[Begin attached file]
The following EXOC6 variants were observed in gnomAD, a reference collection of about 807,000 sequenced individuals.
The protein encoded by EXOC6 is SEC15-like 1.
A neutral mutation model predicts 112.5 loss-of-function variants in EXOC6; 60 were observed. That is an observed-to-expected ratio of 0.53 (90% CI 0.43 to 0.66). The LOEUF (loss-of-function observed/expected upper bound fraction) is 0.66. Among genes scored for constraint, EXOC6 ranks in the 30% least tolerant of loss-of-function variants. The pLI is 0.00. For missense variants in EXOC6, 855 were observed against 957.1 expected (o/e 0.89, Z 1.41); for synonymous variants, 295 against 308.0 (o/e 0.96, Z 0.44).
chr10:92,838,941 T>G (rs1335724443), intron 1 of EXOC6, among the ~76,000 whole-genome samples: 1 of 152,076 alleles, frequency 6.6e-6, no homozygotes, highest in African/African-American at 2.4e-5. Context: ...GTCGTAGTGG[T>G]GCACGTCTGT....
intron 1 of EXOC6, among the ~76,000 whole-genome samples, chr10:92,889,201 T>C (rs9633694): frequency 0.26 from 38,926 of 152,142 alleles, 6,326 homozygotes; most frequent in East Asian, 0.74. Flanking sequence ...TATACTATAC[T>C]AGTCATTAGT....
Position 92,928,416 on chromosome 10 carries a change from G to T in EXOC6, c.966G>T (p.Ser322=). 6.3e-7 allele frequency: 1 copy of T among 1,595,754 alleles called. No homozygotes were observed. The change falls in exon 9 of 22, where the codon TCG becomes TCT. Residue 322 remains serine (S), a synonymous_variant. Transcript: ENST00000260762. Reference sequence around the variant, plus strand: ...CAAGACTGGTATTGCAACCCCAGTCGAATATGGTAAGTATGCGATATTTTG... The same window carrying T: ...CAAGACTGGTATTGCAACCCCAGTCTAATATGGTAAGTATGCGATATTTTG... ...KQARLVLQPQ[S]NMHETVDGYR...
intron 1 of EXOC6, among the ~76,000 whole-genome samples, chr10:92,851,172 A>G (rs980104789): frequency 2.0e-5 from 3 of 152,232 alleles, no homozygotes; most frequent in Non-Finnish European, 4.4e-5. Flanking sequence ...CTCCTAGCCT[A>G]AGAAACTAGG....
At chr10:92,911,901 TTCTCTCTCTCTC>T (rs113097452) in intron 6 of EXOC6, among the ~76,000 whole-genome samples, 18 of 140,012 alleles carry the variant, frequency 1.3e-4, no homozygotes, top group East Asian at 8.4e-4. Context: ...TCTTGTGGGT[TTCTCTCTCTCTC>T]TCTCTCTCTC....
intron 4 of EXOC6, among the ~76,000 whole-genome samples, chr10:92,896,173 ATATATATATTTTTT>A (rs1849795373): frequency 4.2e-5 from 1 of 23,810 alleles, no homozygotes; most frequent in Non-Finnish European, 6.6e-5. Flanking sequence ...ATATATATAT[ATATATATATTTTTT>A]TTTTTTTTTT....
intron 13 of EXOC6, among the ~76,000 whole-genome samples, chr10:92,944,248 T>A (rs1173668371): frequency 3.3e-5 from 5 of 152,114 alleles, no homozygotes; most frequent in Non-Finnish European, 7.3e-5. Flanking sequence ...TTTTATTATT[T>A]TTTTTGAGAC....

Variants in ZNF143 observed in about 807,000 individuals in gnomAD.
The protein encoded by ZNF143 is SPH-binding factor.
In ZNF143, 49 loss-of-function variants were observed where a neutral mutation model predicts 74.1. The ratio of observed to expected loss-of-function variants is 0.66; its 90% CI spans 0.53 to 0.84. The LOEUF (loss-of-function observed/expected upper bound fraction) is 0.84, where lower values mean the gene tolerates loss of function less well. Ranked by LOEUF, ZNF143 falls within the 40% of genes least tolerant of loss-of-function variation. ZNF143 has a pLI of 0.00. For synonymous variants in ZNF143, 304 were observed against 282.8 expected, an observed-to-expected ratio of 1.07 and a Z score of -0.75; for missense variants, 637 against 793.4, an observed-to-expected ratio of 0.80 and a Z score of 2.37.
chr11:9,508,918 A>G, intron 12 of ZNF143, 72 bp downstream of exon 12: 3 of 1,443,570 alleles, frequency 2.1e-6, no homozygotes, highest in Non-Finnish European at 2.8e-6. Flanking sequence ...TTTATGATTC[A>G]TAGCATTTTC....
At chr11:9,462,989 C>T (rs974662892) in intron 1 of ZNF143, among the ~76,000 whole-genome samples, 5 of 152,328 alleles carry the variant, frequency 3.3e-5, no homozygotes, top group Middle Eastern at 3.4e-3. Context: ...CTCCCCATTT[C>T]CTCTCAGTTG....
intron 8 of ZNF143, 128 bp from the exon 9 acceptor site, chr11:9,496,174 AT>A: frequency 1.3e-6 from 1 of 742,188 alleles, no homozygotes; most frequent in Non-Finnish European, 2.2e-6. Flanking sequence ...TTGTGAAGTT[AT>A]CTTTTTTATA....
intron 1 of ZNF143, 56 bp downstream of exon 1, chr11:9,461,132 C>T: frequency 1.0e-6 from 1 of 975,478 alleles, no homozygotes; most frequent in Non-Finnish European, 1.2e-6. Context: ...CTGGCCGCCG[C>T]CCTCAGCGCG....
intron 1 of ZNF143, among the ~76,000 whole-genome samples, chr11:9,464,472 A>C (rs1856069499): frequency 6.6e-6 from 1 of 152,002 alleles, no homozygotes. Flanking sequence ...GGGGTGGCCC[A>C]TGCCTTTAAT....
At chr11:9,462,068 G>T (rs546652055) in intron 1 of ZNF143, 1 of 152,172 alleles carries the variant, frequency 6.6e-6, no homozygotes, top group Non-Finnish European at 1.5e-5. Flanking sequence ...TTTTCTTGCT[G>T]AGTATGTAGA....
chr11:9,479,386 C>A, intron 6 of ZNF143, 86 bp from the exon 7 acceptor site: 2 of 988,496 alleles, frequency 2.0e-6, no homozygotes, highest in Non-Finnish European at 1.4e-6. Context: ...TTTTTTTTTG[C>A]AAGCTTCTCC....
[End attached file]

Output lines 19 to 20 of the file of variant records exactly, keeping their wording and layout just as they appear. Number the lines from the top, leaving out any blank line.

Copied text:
At chr11:9,462,068 G>T (rs546652055) in intron 1 of ZNF143, 1 of 152,172 alleles carries the variant, frequency 6.6e-6, no homozygotes, top group Non-Finnish European at 1.5e-5. Flanking sequence ...TTTTCTTGCT[G>T]AGTATGTAGA....
chr11:9,479,386 C>A, intron 6 of ZNF143, 86 bp from the exon 7 acceptor site: 2 of 988,496 alleles, frequency 2.0e-6, no homozygotes, highest in Non-Finnish European at 1.4e-6. Context: ...TTTTTTTTTG[C>A]AAGCTTCTCC....